OSHA relies on the General Duty Clause for enforcement involving a range of issues like ergonomics, heat stress, and workplace violence, as well as disease outbreaks.
Labor unions and worker safety advocates often consider OSHA’s General Duty Clause enforcement “weak” and regularly petition the agency for specific health and safety standards. Members of Congress often introduce bills that would compel OSHA to issue emergency or permanent standards for heat stress or workplace violence.
Even the Occupational Safety and Health Review Commission has criticized OSHA’s over-reliance on the General Duty Clause. The review commission vacated a heat illness citation in 2019, calling OSHA’s use of the General Duty Clause a “gotcha” or “catchall” for hazards with no established standards. The commissioners wrote that OSHA’s failure to set permanent standards leaves employers confused about their responsibilities.
OSHA has examined the possibility of an airborne disease standard before, most recently during the Obama administration. The agency initiated a rulemaking for infectious disease exposures in health care and social assistance. On May 6, 2010, OSHA issued a request for information from clinics in correctional facilities and schools, hospitals, and outpatient clinics, as well as laboratories handling potentially infectious biological materials, medical examiner offices, and mortuaries.
The agency acknowledged at the time that workers in healthcare facilities and other high-risk environments faced a variety of infectious disease hazards, including diseases such as measles, Methicillin-resistant Staphylococcus aureus (MRSA), tuberculosis (TB), and varicella disease (chickenpox, shingles), as well as emerging infections like epidemic influenza and severe acute respiratory syndrome (SARS). OSHA cited a need for an established standard to ensure employers developed and implemented infection control programs and programs of hazard controls to protect employees from potential infections. At the time, OSHA cited the effectiveness of its BBP standard (29 CFR §1910.1030) as the goal for an infectious disease standard.
Perhaps the most controversial element of OSHA’s plan was a possible requirement for paid, medical removal leave to ensure infected workers did not continue working while sick.
On July 5, 2011, the agency scheduled a series of stakeholder meetings (75 FR 24835) and on June 4, 2014, initiated a Small Business Regulatory Enforcement Fairness Act (SBREFA) Panel review.
SBREFA review participants reported that an OSHA infectious disease standard risked overlapping with healthcare facility requirements from the Centers for Medicare and Medicaid Services (CMS), the Joint Commission and other private sector accrediting organizations, and state accrediting boards. While Centers for Disease Control and Prevention (CDC) infection control recommendations are voluntary, the CMS, the Joint Commission, and other accrediting organizations require healthcare facilities’ compliance with the guidelines. Hospitals and other healthcare facilities must be accredited to receive payments from the CMS and private insurers.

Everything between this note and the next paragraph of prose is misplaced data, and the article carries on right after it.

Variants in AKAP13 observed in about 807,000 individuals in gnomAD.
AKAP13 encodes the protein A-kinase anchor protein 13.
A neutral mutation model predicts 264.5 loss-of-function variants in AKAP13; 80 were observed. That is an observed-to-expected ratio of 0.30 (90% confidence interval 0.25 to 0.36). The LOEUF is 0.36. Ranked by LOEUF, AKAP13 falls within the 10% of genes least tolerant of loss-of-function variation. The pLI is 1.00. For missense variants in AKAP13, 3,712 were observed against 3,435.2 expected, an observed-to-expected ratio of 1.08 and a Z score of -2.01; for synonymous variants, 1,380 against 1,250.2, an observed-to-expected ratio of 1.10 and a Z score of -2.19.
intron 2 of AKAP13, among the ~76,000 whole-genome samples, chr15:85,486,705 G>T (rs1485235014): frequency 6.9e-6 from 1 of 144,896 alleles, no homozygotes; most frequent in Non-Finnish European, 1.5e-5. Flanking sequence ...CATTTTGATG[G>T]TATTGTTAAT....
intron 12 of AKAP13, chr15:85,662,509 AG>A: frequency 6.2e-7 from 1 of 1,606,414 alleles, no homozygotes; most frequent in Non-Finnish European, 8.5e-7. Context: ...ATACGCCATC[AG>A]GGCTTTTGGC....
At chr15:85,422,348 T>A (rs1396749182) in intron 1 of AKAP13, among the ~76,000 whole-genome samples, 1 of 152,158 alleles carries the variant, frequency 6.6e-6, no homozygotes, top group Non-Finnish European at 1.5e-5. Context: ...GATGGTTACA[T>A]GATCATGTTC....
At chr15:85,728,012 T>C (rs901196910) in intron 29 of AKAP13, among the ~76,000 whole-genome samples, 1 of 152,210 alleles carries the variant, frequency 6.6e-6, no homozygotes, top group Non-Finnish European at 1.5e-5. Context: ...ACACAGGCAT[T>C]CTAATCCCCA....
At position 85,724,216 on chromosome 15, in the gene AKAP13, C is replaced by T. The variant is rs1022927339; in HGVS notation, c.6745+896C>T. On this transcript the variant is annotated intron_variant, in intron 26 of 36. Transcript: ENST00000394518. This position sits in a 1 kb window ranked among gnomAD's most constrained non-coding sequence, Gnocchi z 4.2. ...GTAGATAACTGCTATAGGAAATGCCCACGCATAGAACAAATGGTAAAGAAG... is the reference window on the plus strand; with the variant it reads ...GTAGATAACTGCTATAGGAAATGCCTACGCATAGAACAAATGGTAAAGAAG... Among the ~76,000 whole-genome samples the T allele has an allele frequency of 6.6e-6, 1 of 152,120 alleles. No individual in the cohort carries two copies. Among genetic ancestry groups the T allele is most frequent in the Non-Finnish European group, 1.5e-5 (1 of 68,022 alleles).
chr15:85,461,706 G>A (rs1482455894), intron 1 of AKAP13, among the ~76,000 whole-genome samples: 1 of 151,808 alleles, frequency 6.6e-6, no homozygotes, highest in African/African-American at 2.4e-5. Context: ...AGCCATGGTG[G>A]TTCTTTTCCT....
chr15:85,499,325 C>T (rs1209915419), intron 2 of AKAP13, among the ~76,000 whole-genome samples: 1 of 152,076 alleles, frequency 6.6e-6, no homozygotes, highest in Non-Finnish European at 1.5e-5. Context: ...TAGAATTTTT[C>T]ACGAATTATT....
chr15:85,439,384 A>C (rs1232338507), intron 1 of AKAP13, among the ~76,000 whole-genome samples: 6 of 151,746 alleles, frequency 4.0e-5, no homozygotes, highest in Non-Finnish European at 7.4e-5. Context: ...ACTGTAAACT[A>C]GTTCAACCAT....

In other words, healthcare facilities have a financial incentive for implementing the voluntary infection control recommendations.
The panel also concluded a medical removal leave requirement would be costly and burdensome.
The Department of Labor’s Spring, 2017 Regulatory Agenda placed the agency’s Notice of Proposed Rulemaking (NPRM) for an infectious disease standard under long-term actions.
Occupational TB Rulemaking
An earlier resurgence of TB, during the 1980s and 90s, prompted OSHA to begin an occupational TB rulemaking. On October 17, 1997, the agency issued a proposed standard for occupational exposure to TB (62 FR 54160), which OSHA withdrew on December 31, 2003 (68 FR 75767).
After a 30-year decline in the number and rate of TB cases in the United States, the incidence of TB unexpectedly began to increase in 1986, reaching a peak resurgence in 1992. OSHA denied a petition for an ETS for TB but proceeded with a rulemaking for a permanent standard.
The 1997 proposal recognized that while responsibility for infectious diseases in the general population falls to other agencies like the CDC or the U.S. Public Health Service, OSHA has sole responsibility for protecting workers from infectious disease exposures in the workplace. At the time, the agency saw a need for an enforceable standard.
The Institute of Medicine (IOM) later examined the potential impact of OSHA’s proposed standard, given the effectiveness of control measures recommended by the CDC. The National Academy Press published the IOM’s findings in Tuberculosis in the Workplace in 2001.
By 2003, OSHA concluded that TB rates had fallen enough that a federal workplace health standard was unlikely to lead to further reductions. Hospitals, where workers were most likely to face the risk of TB bacteria exposures, had shown substantial compliance with federal public guidelines for preventing TB transmission. The CDC had issued a series of guidelines for controlling TB transmission in correctional facilities, healthcare facilities, and facilities serving homeless populations. The CDC most recently updated its healthcare TB guidelines in 2005 and issued an updated set of guidelines for screening, testing, and treatment for healthcare workers in 2019.
OSHA still has an active directive (CPL 02-02-078) for enforcement procedures for workplace TB exposures under the General Duty Clause based on the CDC’s 2005 guidelines.
You already are facing widespread inspection and enforcement under OSHA’s COVID-19 NEP and its updated enforcement guidance. Could you be faced with a permanent standard? Pressure on Congress and the administration may subside as vaccinations continue to roll out and the numbers and rates of cases decrease.
If OSHA does propose an infectious disease standard, it may encounter the same objections raised in its earlier rulemaking efforts.